If You Ask Me: A Global Banker Reflects on Our Times

Wriston, Walter B.


The Big Rip-off


Do you feel the cost of regulating domestic banks outweighs the benefits?

It depends what you perceive the benefits to be. The banking system is losing more of its share of the financial market every sunrise. In 1946 we had 57 percent of the financial assets in the United States. Today we have 39 percent.

Of every seven credit cards outstanding in the country only one was issued by a bank.

So, the amount of regulation that's put against the banking system is disproportionate to the amount of business we're doing.

All you have to do is read a financial paper to see that General Electric Credit, or General Motors Acceptance, or Itel Leasing, or Sears, Roebuck or whoever is in our marketplace. Banks are losing ground because they're unable to compete effectively. For example, Sears, Roebuck has 26 million credit cards outstanding and there are 72 million families in America. So Sears has an account from one family out of every three. They own the largest savings and loan association in the country. They've got $9 billion in interest-paying accounts receivables.

Meanwhile, the regulators are arguing about whether a computer terminal is a bank.

I believe that most of the banking laws are now obsolete. They've been made obsolete by our competition and by modern technology. So, it's time to take a fresh look at the whole situation.

For example, we could not have bought the Marine Midland Bank, which had a rather bad year awhile back. That would have been illegal. Yet, the Hong Kong and Shanghai Bank can buy it. It doesn't make any sense. There is a bank in Pennsylvania that's not in too good a shape. The Mellon Bank would like to buy it and save the community, but they're prohibited by regulation from doing it. Maybe it'll be sold to a foreign bank. Yes, I think it's definitely time to take another look at the whole regulatory process and do a little cost-benefit analysis.

What's the first change you'd like to see?

The biggest rip-off the consumer has ever had is called Regulation Q, which means if you're poor, you earn 5 percent interest on your savings, and if you're rich you get 12 percent. Where are the consumer advocates? It's just incredible to me that this has been allowed to go on for years and years. There are a lot more savers in this country than borrowers, which is fine or we'd all be in trouble, and I think every saver is entitled to the best rate in the market, whether he's got a buck or a million bucks.

  • The document was created from a compilation of interviews and question and answer segments with Walter B. Wriston which was later compiled into "If You Ask Me: A Global Banker Reflects on Our Times" in 1980. The original speech is located in MS134.001.034.00018.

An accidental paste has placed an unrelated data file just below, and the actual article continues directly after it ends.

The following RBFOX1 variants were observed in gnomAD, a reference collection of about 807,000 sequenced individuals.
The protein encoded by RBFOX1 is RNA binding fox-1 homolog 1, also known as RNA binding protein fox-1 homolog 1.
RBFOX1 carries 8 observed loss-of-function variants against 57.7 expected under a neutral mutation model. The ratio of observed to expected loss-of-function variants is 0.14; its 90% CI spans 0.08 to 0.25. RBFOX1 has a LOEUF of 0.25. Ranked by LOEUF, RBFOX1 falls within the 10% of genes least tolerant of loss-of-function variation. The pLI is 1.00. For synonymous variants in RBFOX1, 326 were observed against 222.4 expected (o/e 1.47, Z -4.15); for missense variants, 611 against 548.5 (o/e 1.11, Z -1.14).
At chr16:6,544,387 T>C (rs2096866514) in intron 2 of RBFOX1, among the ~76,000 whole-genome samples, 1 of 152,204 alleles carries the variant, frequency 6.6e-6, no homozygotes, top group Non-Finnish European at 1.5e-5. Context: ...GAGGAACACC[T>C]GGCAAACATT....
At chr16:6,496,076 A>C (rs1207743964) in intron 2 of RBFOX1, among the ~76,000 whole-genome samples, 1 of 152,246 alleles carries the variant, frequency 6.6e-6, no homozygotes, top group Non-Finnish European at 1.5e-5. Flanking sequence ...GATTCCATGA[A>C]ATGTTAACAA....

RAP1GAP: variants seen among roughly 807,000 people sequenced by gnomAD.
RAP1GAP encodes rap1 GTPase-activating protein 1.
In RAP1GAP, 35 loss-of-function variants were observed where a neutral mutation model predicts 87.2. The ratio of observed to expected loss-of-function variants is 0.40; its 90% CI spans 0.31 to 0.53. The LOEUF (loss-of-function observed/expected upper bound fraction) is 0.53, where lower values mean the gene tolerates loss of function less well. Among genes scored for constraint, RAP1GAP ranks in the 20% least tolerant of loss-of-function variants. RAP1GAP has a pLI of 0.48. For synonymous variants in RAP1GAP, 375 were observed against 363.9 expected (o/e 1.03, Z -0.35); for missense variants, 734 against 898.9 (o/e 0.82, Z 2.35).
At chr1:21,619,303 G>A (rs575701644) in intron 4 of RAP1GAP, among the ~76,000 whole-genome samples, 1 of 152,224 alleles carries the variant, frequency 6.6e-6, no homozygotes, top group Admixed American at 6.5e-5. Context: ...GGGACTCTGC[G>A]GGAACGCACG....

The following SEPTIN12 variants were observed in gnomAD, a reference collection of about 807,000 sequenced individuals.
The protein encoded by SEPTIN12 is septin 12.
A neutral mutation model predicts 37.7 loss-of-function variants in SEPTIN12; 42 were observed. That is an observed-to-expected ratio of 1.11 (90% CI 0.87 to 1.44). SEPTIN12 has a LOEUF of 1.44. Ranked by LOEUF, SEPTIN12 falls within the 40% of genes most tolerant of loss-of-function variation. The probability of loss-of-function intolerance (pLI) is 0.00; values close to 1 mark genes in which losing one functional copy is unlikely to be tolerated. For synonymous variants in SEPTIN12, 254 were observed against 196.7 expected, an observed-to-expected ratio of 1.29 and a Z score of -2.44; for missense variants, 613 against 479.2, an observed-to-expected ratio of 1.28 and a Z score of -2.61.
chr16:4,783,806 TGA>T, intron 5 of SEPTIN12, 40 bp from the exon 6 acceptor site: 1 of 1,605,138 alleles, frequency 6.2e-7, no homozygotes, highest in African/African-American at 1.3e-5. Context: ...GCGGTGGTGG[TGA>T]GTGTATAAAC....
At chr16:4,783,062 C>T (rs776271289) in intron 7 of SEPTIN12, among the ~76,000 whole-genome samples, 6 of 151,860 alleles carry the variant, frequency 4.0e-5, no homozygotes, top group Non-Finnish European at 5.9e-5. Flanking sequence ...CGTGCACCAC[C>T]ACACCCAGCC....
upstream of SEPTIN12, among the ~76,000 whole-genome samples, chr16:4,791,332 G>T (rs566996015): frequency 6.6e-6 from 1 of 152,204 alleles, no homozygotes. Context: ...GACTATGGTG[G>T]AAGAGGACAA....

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 Title Page
If You Ask Me: A Global Banker Reflects on Our Times
I: Getting Down to Fundamentals
The Big Cop-out
You Can't Go Bail for Everyone
Risk Is What It's All About
II: Some Basic Ills of the Body Politic
Lincoln Wouldn't Have Made It
Unpredictable Is a Dangerous Country
The Pitfalls of Single-issue Politics
Expect To Get Zapped
The Perils of Legal Pollution
The Injustice of Our Tax System
Those Wonderful People Who Bring You Inflation
Stop the Presses
Silly Premises Lead to Nutty Conclusions
Easier Said Than Done
III: New York, New York
New York City Is Alive And Well
The Road Back
IV: Careers
Rx for Happiness
Good Forward Planning
Dull Job?
A Simple Matter of Survival
Making It at Citibank
What Fast Track?
No Hiding Place
V: Once Around the World Quickly
South Africa
China: A Matter of Timing
The Real Significance of Iran
Iran and the Money Markets
Fashions in Country-criticizing
VI: The Global Financial Scene
The Elusive Eurodollar
De Facto Payments Mechanism
Too Big To Move
The Foreign Exchange Game
They Can't Leave the System
Baskets of Money
Swiss Francs
The Value of a Dollar
Not a Loss Since 1897
A Rational View of LDC Loans
Free Trade Benefits Consumers
The Destructive Costs of Regulation
The Big Rip-off
A Real Entitlement
Can Regulations Prevent Bum Loans?
The Insidious Side of Controls
Competition in Regulation
VIII: The Shape of Things To Come
Not As Big As You Think
What Lobby?
Armageddon Is Late, as Usual
Some Simple Facts about Interest Rates
An Expensive Luxury
How Big Is Big?
What We Did Yesterday Won't Work Tomorrow
A Matter of Semantics
Unpredictable Is a Dangerous Country
Privacy: A Serious Problem
The Unseen Revolution
Things Are Going To Be Different
Take the Handcuffs off Everybody
The Gray Areas of Lending
No Mouse under the Rug
Thank God We Don't Have National Banking
Competition Keeps You Awake
Accounting for Loan Losses
Not a Utility
People Like It
Computer Frauds
Some Final Words on Responsibility
About the Author